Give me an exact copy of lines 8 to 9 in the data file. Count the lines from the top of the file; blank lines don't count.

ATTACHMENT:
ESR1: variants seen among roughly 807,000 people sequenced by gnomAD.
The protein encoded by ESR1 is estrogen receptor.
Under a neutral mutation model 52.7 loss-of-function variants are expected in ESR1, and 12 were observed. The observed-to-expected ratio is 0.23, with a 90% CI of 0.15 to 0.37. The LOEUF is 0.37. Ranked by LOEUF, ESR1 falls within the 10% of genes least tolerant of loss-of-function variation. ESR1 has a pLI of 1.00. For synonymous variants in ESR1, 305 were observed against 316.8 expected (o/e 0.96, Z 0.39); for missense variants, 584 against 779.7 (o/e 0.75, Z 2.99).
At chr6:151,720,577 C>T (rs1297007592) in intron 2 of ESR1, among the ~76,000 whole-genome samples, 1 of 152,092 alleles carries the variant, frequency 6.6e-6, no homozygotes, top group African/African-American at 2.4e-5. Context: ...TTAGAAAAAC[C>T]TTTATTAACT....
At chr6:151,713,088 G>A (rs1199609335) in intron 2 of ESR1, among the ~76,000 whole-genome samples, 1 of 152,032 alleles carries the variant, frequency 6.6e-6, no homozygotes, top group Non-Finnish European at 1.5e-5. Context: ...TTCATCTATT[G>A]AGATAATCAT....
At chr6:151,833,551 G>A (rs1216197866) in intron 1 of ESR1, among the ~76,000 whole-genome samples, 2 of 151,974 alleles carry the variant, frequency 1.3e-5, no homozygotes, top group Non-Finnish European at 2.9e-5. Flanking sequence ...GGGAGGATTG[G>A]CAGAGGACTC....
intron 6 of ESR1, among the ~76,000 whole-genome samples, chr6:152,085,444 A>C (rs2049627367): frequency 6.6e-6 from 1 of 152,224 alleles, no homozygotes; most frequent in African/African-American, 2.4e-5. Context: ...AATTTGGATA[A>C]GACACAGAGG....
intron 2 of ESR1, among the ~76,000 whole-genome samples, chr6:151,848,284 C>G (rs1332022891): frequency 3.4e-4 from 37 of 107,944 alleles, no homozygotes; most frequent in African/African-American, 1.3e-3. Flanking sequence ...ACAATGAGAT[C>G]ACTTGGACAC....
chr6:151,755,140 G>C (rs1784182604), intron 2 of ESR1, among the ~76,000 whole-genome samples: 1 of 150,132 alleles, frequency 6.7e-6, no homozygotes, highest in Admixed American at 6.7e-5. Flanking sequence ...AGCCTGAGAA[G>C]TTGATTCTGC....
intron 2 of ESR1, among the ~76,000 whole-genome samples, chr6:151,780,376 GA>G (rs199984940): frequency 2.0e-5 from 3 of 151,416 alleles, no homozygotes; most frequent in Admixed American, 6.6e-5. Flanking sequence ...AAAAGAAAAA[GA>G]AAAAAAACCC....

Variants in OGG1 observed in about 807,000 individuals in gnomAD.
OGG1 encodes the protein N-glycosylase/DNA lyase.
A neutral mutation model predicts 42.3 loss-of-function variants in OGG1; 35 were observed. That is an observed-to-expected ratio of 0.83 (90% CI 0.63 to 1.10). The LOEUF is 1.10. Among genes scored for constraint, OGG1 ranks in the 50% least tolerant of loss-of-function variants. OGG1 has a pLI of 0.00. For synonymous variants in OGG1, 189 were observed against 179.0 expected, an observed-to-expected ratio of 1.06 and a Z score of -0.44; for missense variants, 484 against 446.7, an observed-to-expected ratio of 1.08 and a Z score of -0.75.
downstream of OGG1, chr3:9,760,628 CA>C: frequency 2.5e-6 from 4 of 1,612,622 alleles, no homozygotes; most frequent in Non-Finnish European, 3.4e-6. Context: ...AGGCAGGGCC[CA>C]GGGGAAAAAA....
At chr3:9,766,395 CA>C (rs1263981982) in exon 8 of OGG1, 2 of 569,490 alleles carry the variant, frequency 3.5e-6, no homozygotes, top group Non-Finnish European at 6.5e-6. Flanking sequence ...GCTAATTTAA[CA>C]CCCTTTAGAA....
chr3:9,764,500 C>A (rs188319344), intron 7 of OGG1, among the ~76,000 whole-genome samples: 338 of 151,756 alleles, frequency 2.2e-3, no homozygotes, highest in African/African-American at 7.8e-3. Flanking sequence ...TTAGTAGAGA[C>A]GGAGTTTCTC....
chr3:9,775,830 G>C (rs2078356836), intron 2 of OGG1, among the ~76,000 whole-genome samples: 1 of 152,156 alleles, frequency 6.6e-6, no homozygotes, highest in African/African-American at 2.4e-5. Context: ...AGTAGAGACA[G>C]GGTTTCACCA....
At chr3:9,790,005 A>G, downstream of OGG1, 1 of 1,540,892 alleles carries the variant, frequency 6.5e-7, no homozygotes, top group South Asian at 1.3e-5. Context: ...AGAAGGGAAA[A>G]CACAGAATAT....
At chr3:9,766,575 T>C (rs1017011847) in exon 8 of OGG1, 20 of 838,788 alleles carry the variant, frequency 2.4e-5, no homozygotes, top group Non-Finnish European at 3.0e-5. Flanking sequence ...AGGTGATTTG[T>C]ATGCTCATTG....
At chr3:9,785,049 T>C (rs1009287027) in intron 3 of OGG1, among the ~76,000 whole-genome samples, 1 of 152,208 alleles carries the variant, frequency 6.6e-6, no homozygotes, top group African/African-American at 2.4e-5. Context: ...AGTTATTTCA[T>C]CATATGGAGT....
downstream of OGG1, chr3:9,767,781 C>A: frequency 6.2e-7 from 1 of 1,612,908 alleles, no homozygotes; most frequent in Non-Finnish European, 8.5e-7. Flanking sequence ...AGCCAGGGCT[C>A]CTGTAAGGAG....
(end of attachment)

intron 2 of ESR1, among the ~76,000 whole-genome samples, chr6:151,848,284 C>G (rs1332022891): frequency 3.4e-4 from 37 of 107,944 alleles, no homozygotes; most frequent in African/African-American, 1.3e-3. Flanking sequence ...ACAATGAGAT[C>G]ACTTGGACAC....
chr6:151,755,140 G>C (rs1784182604), intron 2 of ESR1, among the ~76,000 whole-genome samples: 1 of 150,132 alleles, frequency 6.7e-6, no homozygotes, highest in Admixed American at 6.7e-5. Flanking sequence ...AGCCTGAGAA[G>C]TTGATTCTGC....